This article discusses speech etiquette as a component of the cultural minimum. The choice of formulas of speech etiquette plays a special role in the study of a foreign language. The origins of speech etiquette lie in the ancient period of the history of language. Human speech activity, from the point of view of the members of the archaic society, can have a direct impact on people, animals and the world; regulation of this activity is connected, first of all, with the desire to cause certain events or, on the contrary, to avoid them.
Key words: speech etiquette, formulas of speech etiquette, act of communication, requirements of speech etiquette, archaic society.
Speech etiquette is included in the linguistic cultural picture of the world. Possession, understanding and choice of formulas of speech etiquette depends on the behavior of the people. The choice of formulas of speech etiquette plays a special role in the study of a foreign language. Without speech etiquette it is impossible neither to enter into communication, nor to maintain communication, nor to complete it. Speech etiquette is a set of requirements to the form, content, order, character and situational relevance of statements adopted in this culture. Speech etiquette, in particular, includes words and expressions used by people to say goodbye, requests, apologies, accepted in various situations, forms of treatment, intonation features that characterize polite speech, etc. The study of speech etiquette occupies a special position at the junction of linguistics, theory and history of culture, ethnography, country studies, psychology and other humanities [1, p. 4].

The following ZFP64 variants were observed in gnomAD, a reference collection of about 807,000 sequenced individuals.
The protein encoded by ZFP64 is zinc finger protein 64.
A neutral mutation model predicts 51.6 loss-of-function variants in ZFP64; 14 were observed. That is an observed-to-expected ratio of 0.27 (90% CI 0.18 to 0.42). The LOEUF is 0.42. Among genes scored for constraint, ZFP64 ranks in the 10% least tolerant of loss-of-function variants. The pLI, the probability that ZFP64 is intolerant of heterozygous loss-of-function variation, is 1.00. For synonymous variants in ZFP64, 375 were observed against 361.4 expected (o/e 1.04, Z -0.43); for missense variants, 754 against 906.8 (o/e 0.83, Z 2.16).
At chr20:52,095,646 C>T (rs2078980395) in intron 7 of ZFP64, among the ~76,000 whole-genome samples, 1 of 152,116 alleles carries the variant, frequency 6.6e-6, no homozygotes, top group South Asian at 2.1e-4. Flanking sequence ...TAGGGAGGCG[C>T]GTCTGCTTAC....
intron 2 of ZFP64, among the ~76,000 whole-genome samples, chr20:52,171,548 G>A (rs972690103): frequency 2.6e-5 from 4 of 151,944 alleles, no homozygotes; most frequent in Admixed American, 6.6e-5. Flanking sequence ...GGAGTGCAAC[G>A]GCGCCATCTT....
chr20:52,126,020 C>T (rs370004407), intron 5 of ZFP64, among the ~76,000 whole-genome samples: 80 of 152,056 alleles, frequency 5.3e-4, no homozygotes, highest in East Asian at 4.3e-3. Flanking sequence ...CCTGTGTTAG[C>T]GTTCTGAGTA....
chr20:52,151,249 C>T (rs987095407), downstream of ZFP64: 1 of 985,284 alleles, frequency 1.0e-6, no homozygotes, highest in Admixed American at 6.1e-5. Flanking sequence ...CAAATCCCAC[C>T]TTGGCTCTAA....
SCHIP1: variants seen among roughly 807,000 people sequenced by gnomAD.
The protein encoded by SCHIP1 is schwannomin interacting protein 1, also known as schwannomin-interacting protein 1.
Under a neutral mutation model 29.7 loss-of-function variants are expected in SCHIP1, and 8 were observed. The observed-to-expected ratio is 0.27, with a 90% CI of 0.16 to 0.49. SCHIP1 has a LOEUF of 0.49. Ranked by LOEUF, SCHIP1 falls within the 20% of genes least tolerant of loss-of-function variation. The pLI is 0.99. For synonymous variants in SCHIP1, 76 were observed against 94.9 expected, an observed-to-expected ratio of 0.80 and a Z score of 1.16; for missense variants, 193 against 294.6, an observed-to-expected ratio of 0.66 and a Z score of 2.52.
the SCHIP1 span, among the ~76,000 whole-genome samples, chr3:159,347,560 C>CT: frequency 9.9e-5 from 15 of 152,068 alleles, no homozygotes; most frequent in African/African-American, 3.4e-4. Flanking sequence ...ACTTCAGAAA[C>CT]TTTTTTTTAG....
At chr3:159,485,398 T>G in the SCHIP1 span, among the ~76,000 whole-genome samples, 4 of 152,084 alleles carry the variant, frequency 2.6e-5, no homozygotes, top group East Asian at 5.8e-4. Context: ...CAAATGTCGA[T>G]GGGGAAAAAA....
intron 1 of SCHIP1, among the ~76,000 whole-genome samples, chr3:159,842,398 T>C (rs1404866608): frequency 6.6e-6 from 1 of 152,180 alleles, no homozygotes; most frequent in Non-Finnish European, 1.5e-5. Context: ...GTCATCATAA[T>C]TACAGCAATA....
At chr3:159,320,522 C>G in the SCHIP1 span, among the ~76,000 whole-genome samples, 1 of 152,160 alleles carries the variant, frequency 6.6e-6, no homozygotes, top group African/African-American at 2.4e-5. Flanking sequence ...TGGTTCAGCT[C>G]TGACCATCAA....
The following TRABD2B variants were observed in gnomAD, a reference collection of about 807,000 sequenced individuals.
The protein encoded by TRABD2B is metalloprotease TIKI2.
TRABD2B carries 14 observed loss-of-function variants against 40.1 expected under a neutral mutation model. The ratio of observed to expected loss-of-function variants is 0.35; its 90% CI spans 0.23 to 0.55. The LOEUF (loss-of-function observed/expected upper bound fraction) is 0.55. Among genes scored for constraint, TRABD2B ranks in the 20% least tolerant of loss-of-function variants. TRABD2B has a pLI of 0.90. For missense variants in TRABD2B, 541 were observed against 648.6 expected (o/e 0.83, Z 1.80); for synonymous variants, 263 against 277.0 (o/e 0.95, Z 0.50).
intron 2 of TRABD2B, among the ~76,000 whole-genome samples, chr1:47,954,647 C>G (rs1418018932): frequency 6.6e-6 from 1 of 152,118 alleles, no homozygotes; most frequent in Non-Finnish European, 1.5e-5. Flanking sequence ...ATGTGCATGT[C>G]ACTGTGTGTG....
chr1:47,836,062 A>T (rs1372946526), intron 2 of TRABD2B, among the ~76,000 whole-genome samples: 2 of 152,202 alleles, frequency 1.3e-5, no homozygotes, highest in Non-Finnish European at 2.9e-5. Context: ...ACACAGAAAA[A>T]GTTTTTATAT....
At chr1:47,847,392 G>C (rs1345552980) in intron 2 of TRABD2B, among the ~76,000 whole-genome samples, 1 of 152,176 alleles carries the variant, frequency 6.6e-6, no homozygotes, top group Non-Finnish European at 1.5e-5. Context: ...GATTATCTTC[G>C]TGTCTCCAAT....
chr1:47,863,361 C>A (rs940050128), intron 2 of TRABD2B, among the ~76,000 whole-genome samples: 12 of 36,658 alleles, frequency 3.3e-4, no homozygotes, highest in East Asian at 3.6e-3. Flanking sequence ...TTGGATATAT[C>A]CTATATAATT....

In a broad sense, speech etiquette characterizes almost any successful act of communication. Therefore, speech etiquette is associated with the so-called postulates of speech communication, which make possible and successful interaction of communication participants. These are the postulates formulated by G. P. Grice, which are derived from the principle of cooperation underlying all communication. The postulates of speech communication include: the postulates of quality (the message should not be false or without proper grounds), quantity (the message should not be too short or too long), relationship (the message should be relevant to the addressee) and method (the message should be clear, clear, do not contain words and expressions incomprehensible to the addressee). Violation of one or more of these postulates in varying degrees entails a communicative failure. Other important requirements-for example, the postulates of politeness (any message should be polite, tactful, etc.) — are not included in the Grice number of fundamental, since the task of the message is considered to be an effective transfer of information. It is significant that even with such a utilitarian formulation of the problem it is necessary to consider the requirements of speech etiquette as the necessary conditions for successful communication. Moreover, these requirements are important for messages that have other functions: establishing interpersonal contacts, attracting listeners to their side, etc. In these cases, the postulates of politeness inevitably come to the fore. Others, such as the postulates of the relationship, are pushed to the periphery. Thus, in many advertising textbooks it is recommended to refrain not only from any statements that offend or offend the addressee, but also from statements that could cause him unwanted associations. For example, the slogan «Our beer — beer, which does not get fat» was considered unsuccessful, because it reminds of the fact that beer gets fat. Thus, the requirements of relevance and truthfulness are secondary in this case [2, p. 7].